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Senate candidate Jon Ossoff visits Athens, Georgia on Monday, Oct. 26 to speak with community members about his upcoming senate race against incumbent David Purdue and the importance of voting. Both Ossoff and Warnock were the winners of the Senate runoffs, which gives the Democratic Party control of the Senate. (Photo/Sophie Yaeger syaeger@randb.com)

Jan. 5 marked Georgia’s two U.S. Senate runoffs between Democrats Jon Ossoff and Raphael Warnock and their respective Republican opponents, Sen. David Perdue and Sen. Kelly Loeffler. The Associated Press called both Ossoff and Warnock as the winners of these elections, which gives the Democratic Party control of the Senate. 

Ossoff and Warnock’s victories signify that there will be 50 Democratic senators and 50 Republican senators, with Vice President-elect Kamala Harris as the tie-breaker. This tie-breaker gives the Democratic Party an advantage on passing legislation.

These two elections also point to victories in the Jewish and Black communities — Ossoff will serve as the first Jewish senator in the state of Georgia, and Warnock will be the first Black senator in the state’s history.

Sophomore human development and family sciences major Mira Ratchev, a member of Young Democrats of UGA, said she felt both excited and optimistic about having more senators from different backgrounds in office.

“I hope that this starts, that this creates a path for more diverse and progressive leaders to be elected in Georgia,” Ratchev said.

Young Democrats of UGA President Ramin Zareian described feeling surprised upon seeing Ossoff and Warnock’s victories. While they were aware that Georgia was beginning to lean blue, they also acknowledged that runoffs tend to yield lower voter turnout compared to presidential elections.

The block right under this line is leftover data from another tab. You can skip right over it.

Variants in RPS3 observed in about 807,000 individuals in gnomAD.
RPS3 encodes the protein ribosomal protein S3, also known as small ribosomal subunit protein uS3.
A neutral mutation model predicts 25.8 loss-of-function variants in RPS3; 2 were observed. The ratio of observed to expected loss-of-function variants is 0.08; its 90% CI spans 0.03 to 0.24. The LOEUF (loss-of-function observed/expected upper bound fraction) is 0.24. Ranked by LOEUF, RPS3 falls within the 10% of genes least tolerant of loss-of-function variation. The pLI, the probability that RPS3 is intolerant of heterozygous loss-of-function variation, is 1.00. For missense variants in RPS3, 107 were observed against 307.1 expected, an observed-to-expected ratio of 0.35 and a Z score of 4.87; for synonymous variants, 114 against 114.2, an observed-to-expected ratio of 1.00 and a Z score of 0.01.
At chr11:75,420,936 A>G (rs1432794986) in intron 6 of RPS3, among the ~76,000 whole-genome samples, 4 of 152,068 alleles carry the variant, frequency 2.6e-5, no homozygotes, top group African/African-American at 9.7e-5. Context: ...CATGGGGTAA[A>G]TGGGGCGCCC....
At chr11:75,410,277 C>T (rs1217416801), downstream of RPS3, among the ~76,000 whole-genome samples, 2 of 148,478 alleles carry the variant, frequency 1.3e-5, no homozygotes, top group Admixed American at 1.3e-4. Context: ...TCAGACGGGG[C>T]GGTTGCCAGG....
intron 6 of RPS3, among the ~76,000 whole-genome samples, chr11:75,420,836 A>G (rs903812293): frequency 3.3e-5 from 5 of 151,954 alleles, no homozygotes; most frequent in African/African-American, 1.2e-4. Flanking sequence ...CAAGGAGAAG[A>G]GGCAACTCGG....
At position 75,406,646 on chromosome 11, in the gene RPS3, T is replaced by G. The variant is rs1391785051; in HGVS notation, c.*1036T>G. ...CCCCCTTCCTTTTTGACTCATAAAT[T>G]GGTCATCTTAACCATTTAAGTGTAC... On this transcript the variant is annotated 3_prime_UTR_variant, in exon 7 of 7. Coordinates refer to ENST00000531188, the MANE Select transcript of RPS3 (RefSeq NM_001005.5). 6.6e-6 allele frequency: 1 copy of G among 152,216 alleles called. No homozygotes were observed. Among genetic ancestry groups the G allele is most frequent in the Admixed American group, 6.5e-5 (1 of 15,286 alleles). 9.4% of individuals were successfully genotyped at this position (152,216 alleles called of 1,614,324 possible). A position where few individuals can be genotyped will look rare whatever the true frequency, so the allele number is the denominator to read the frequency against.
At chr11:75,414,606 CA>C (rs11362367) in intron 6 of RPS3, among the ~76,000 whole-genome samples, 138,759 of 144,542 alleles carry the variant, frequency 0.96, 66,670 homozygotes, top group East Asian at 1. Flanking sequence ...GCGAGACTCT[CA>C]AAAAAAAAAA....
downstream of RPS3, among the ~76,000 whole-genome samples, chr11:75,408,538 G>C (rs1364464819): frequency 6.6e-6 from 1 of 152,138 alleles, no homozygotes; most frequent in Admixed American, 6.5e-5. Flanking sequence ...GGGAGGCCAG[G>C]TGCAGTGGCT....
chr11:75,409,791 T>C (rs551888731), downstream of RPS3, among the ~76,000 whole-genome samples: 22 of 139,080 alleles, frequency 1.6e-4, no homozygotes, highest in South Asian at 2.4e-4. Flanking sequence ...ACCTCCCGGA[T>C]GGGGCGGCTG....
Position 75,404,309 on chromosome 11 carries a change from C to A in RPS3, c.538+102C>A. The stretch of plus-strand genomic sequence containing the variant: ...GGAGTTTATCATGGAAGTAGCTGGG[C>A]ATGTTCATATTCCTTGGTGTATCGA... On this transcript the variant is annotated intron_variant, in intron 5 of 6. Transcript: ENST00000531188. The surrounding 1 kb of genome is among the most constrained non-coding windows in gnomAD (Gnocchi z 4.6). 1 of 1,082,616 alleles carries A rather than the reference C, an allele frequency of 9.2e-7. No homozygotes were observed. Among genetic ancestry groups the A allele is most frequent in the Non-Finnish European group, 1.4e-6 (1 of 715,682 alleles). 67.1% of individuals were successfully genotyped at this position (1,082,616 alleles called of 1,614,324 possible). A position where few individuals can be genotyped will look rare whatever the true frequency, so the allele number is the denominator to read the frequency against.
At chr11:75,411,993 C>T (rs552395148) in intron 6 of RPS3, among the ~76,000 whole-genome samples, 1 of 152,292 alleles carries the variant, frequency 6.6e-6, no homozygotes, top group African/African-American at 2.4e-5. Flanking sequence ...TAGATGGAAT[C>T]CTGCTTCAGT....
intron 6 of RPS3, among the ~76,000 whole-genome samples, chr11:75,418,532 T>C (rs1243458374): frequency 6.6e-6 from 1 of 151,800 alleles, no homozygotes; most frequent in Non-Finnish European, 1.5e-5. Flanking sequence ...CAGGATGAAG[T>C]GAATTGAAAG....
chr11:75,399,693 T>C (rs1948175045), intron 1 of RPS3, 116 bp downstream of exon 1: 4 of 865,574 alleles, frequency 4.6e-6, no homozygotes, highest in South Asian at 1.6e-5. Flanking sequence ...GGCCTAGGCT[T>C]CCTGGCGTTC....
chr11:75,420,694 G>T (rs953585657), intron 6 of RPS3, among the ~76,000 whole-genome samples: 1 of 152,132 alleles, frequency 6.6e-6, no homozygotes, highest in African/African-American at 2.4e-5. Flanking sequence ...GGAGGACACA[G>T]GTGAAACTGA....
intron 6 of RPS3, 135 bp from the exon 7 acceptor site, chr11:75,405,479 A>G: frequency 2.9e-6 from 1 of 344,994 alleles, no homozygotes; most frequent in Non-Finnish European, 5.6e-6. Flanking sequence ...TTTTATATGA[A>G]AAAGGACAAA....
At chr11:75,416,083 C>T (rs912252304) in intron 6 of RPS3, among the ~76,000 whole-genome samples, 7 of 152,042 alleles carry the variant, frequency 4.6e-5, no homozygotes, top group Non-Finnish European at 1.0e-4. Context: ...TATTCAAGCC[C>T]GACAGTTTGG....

“There were a lot of things that surprised me and made me glad that we’re not just doomed to have Republicans win in Georgia. That’s no longer an inevitability,” Zareian said.

Others were less surprised about Ossoff and Warnock’s wins based on the format of their campaigns. 

Jantz Womack, a junior political science and public relations major and former membership director of College Republicans at UGA, believes the money and attention that went into their campaigns contributed to their wins.

“I think that [Warnock and Ossoff], alongside Stacey Abrams, were able to mobilize young voters and mobilize voters particularly in Fulton, DeKalb and Gwinnett counties,” Womack said.

Ratchev said she felt that Ossoff and Warnock’s appeal to Generation Z and millennial voters through social media apps such as TikTok helped them win the election. Ossoff has been particularly active on TikTok to appeal to younger voters, combining memes with the key points of his agenda. 

@jon

A new Georgia is rising for Health, Jobs, and Justice. #VoteYourOssoff #GASenateRunoff

♬ original sound - Jon Ossoff

Womack expressed concerns that with both Ossoff and Warnock in office, the representation and healthcare of rural voters in Georgia would be overlooked.

“As a rural Georgian, it is somewhat concerning to me that both of our Senate candidates are now from metro Atlanta,” Womack said. “And the reason why is, what about the other… registered voters across the state? You know, and how do they plan to represent those voters? And I think that is something that will come with time.” 

Despite his concerns, Womack still sees Loeffler and Perdue’s losses as a call for the Republican Party to work twice as hard toward winning the upcoming governor's race and flipping Warnock’s Senate seat back to red in the next two years. 

“I think the Republican Party needs to take a step back and figure out how to best deliver the message of a freer, more prosperous America to suburban Georgians,” Womack said.

Zareian, despite being pleased about more Democratic seats in the Senate, was still worried that Ossoff and Warnock are not bold enough in their stances. 

“You know, relatively, [Ossoff and Warnock] are at least better, but I prefer candidates who have more bold policy positions, like supporting Medicare for All or supporting the Green New Deal,” Zareian said.

Ossoff and Warnock’s victories also confirm Democratic control in the senate, house, and presidency for the first time since 2011. Womack expressed both worries and hope regarding this control.

“I just hope that the Democrats, you know, don't use this as a time to just ram through any type of legislation possible,” Womack said. “The Biden administration, or the Biden campaign, rather, really focused on attempting to reach across the aisle. They really tried to paint Joe Biden and Kamala Harris as the group that was going to bring civility back to the White House, and I hope that they do that in both rhetoric and legislation.”